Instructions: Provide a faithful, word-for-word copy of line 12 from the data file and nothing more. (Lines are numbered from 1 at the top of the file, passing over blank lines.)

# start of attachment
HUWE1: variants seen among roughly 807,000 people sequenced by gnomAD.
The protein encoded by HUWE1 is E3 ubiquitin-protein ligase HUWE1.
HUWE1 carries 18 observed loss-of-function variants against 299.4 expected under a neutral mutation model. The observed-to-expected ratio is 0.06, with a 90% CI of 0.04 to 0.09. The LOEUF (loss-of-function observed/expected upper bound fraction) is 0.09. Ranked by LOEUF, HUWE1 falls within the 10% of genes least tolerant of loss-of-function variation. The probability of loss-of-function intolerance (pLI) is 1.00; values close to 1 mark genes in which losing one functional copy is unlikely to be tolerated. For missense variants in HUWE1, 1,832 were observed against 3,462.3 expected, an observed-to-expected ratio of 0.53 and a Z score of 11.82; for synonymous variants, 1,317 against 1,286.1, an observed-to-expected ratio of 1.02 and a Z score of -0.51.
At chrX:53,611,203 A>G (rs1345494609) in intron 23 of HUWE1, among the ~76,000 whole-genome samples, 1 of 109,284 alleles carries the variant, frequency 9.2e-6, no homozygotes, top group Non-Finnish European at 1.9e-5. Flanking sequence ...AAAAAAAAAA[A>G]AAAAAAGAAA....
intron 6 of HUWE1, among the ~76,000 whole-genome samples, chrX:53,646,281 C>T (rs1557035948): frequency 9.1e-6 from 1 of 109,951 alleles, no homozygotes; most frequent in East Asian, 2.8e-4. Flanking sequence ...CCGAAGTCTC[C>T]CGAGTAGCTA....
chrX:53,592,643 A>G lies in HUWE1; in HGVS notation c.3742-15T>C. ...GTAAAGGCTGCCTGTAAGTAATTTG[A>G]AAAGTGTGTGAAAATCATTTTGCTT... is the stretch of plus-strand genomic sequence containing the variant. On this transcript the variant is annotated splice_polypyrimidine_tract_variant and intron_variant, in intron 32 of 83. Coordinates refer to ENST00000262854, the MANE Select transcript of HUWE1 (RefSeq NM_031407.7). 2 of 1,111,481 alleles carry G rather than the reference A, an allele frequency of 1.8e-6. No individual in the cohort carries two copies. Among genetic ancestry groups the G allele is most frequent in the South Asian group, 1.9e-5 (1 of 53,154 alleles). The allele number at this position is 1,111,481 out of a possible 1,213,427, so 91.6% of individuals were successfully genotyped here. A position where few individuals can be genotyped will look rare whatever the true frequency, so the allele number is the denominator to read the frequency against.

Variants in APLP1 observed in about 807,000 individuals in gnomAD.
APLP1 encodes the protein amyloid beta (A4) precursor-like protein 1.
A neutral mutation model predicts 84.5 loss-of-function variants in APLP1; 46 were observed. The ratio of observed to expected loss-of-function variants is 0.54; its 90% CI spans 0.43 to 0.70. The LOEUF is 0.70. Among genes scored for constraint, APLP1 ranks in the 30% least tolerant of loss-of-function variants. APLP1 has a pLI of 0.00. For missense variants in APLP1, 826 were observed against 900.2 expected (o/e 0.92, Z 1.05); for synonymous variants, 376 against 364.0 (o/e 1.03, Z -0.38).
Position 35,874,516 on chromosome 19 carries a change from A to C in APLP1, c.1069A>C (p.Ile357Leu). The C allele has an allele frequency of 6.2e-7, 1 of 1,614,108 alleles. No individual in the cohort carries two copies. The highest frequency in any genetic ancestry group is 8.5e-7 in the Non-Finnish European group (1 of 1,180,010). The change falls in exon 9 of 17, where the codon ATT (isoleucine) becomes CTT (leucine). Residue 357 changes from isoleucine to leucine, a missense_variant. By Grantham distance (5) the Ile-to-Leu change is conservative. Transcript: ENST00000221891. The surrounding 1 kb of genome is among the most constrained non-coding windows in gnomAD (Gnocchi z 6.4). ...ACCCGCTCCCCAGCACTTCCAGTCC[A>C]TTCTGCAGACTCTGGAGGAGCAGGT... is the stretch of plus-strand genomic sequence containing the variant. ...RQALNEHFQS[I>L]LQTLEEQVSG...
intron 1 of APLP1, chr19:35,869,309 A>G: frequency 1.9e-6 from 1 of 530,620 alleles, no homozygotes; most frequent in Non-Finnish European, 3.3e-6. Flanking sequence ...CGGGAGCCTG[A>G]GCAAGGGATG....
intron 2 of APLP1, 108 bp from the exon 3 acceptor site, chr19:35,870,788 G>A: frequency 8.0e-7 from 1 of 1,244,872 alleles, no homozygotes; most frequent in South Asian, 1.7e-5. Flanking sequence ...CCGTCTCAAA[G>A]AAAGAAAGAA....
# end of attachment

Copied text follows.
intron 2 of APLP1, 108 bp from the exon 3 acceptor site, chr19:35,870,788 G>A: frequency 8.0e-7 from 1 of 1,244,872 alleles, no homozygotes; most frequent in South Asian, 1.7e-5. Flanking sequence ...CCGTCTCAAA[G>A]AAAGAAAGAA....